You can feel the buzz in the air, spreading from person to person as the words “World Premier” appear on the giant screen for the umpteenth time. Everyone thought the showcase (previously known as a press conference or media briefing) had ended, but there was one more trailer to see, one for the highly anticipated “Cyberpunk 2077,” from “Witcher 3” developer CD Projekt Red.
The Microsoft showcase event is one of the high points of this year’s pre-E3 festivities. The annual E3 video game event and related activities took place this week in and around the Los Angeles Convention Center. While the Xbox One lags behind the PlayStation 4, and now the Nintendo Switch, in sales, Microsoft clearly wanted people to know they aren’t giving up.
At its event, Microsoft featured 50 games, including 18 exclusive titles and 15 world premieres. This included the biggest Microsoft tentpoles: “Halo,” “Gears of War” and “Forza.”
What the showcase didn’t address was Microsoft’s immediate needs for quality first-party games. Yes, “Forza Horizon 4” looks fantastic and will release on Oct. 2. But “Gears of War 5” won’t appear until 2019, and “Halo Infinite” has an undetermined release date. In this way, the Microsoft showcase epitomizes E3 2018. Publishers have announced dozens of games, but surprisingly few new titles are coming this year.
Bethesda Softworks finally showed off the previously leaked “Fallout 76” and confirmed it will release on Nov. 15, and likewise leaked “Assassin’s Creed Odyssey” surprised many with its Oct. 5 launch date.
But “available in 2019” became all too familiar a refrain. It accompanied newly revealed games like the mysterious new “Battletoads” seen only in logo form, and titles players were looking forward to playing this holiday, like “Kingdom Hearts 3” and “Crackdown 3.”
It would seem the first half of 2019 will be a holiday season unto itself.
That’s not to say there aren’t plenty of great games still coming in 2018: “Dragon Quest XI,” “Spider-Man,” “Shadow of the Tomb Raider,” “Code Vein,” “Starlink: Battle for Atlas,” “Battlefield V,” “Pokémon Let’s Go Pikachu and Evee” and the newly announced “Just Cause 4” are all on track to take our time and money this year. This doesn’t include the annual installments of games like “Madden NFL,” “NBA 2K” and “Call of Duty” that already have fans pre-ordering from their favorite retailer.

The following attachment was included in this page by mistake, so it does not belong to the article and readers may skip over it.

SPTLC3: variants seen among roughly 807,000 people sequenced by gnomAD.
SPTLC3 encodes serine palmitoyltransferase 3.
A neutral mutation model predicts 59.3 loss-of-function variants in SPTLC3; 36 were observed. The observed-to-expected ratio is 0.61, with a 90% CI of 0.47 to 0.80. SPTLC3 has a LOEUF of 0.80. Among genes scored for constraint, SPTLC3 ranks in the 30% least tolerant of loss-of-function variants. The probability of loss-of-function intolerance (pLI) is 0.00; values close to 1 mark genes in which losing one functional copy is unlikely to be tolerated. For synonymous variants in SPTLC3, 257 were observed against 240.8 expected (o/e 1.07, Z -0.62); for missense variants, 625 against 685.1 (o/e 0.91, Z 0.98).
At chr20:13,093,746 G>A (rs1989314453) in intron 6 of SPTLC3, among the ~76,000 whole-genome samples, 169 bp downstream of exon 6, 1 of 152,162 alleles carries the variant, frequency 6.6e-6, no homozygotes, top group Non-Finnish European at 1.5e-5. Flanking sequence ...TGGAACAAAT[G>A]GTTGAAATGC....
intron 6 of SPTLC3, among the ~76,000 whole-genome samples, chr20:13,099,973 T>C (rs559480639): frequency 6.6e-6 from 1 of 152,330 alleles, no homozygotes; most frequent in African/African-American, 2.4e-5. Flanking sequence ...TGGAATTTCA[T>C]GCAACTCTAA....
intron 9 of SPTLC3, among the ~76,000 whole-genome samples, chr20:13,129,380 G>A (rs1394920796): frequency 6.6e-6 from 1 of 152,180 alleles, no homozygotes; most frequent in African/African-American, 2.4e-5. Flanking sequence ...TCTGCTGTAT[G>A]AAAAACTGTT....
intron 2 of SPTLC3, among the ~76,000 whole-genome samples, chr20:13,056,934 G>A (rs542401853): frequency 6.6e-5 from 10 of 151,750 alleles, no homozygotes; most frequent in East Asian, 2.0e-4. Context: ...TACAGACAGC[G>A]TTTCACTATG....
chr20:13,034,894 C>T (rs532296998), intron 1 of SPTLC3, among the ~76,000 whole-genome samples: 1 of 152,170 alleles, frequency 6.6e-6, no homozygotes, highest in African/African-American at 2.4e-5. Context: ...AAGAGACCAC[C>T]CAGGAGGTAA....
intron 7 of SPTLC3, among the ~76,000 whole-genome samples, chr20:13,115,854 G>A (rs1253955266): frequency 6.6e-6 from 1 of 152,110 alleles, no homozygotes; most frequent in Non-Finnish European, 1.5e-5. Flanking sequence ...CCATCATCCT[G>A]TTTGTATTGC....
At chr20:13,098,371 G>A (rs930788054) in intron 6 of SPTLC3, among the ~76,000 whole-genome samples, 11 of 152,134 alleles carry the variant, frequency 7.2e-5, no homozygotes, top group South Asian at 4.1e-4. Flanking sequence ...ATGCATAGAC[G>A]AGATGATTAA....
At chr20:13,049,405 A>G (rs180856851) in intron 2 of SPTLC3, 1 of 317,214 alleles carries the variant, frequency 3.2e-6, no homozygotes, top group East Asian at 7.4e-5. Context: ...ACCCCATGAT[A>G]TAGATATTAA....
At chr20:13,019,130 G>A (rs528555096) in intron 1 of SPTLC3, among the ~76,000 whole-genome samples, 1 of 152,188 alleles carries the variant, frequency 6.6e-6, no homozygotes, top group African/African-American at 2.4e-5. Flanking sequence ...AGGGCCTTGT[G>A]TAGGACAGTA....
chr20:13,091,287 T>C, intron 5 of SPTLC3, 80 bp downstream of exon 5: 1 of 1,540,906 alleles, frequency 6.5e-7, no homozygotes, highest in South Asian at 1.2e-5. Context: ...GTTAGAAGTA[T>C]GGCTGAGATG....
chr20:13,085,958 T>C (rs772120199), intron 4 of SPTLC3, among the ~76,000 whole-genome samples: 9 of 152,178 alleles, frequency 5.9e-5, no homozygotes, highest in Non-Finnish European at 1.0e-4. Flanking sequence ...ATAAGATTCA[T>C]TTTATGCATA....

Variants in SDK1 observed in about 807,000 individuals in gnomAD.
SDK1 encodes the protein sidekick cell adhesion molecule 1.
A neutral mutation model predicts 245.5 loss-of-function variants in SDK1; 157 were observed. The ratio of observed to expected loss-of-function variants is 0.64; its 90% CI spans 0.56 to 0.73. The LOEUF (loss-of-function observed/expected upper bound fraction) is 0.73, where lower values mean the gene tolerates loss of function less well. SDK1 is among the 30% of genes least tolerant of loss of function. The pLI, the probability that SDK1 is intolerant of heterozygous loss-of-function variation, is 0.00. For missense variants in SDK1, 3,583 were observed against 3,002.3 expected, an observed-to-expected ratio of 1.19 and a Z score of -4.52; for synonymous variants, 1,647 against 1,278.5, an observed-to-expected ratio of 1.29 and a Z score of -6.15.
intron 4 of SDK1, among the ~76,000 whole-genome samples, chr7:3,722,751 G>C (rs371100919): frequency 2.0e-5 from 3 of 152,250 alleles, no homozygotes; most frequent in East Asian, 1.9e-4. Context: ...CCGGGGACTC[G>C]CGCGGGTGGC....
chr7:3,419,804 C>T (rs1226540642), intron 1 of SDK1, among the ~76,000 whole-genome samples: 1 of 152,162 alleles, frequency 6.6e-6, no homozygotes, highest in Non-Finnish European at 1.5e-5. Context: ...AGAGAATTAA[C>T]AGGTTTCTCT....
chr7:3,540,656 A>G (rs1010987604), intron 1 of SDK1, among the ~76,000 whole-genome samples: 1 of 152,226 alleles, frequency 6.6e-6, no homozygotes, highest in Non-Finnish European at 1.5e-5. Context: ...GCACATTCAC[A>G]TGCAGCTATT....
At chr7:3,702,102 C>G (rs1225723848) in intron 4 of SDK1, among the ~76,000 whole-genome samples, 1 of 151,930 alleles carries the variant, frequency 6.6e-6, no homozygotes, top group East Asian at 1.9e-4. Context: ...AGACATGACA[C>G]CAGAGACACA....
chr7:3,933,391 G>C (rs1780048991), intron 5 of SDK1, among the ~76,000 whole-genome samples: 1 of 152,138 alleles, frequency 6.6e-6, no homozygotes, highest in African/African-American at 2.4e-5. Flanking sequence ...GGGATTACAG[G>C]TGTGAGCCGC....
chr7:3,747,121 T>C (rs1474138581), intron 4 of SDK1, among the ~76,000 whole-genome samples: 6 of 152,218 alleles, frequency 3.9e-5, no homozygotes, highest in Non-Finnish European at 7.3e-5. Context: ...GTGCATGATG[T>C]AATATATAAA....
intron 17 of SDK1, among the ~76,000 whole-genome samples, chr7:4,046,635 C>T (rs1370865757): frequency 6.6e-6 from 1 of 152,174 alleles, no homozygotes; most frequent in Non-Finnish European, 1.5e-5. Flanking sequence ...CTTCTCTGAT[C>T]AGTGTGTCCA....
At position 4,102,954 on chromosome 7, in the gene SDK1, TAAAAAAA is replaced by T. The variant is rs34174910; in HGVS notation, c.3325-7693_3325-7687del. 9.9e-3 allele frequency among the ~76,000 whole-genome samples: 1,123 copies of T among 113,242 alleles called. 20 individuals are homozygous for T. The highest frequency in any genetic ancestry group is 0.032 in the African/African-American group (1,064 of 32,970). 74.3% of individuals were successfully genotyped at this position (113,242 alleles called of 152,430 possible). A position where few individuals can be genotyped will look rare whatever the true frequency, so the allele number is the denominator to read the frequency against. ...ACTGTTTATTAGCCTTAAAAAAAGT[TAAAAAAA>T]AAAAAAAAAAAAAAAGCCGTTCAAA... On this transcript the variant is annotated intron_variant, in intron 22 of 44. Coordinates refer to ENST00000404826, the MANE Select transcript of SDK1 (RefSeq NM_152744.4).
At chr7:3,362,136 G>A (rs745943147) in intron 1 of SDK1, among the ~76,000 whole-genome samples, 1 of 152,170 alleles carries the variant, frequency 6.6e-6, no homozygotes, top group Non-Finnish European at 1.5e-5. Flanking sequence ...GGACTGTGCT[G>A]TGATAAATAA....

Other companies than Microsoft also had showcases, of course. Electronic Arts and Square Enix both underwhelmed with their weak lineups of previously announced games and already-viewed trailers. Ubisoft and Bethesda, however, dazzled with fresh gameplay and a few surprise announcements (yes, that’s Fox McCloud in the Switch version of “Starlink,” and look, Bethesda is working on “Elder Scrolls VI”!) that kept fans applauding.
The Sony showcase was a disappointing and completely bizarre presentation focused around four previously announced games, with a couple of quick presentations between them. The new footage of “The Last of Us 2,” “Ghost of Tsushima,” “Death Stranding” and “Spider-Man” (the only one due this year) shined brightly, but the whole thing lacked pop.
The one really notable brief look was for the upcoming “Resident Evil 2” remake, which looks stunning and is due, you guessed it, in 2019.
And then there is Nintendo.
Still marching to the beat of its own ragtime band, Nintendo offered a few surprises, like “Super Mario Party,” due out in the fall, but really focused on “Super Smash Bros. Ultimate,” coming Dec. 7. The latest game in Nintendo’s wildly popular fighting franchise will include every character from every previous “Smash Bros.” game, including those absent for a while, like the Ice Climbers and Solid Snake. Including variants, assist trophies and new, unannounced characters, it looks to be the largest, most complete iteration yet.
While the house Mario built did offer a few other surprises — people knew “Fortnite” was coming to the Switch, but no one expected it to launch Tuesday after Nintendo’s presentation — it too had a little 2019-itis. Two previously announced titles — “Fire Emblem: Three Houses” and “Daemon X Machina” have been given release windows early next year.
The popular opinion trends towards companies getting out of the way of Rockstar Games’ 800-pound gorilla, “Red Dead Redemption 2,” coming Oct. 26. (This game was not shown at E3, because Rockstar doesn’t attend game shows.)
Given the success of the company’s last big release, “Grand Theft Auto V,” it makes sense for some games to give “RDR2” some breathing room.
All in all, E3 2018 offers plenty of great games to play, and it speaks to a fantastic lineup of titles for 2018, 2019 and beyond. But somehow, the emphasis on next year cast a shadow of the show that’s hard to shake. Game companies should try to remember that fans want great games to play now.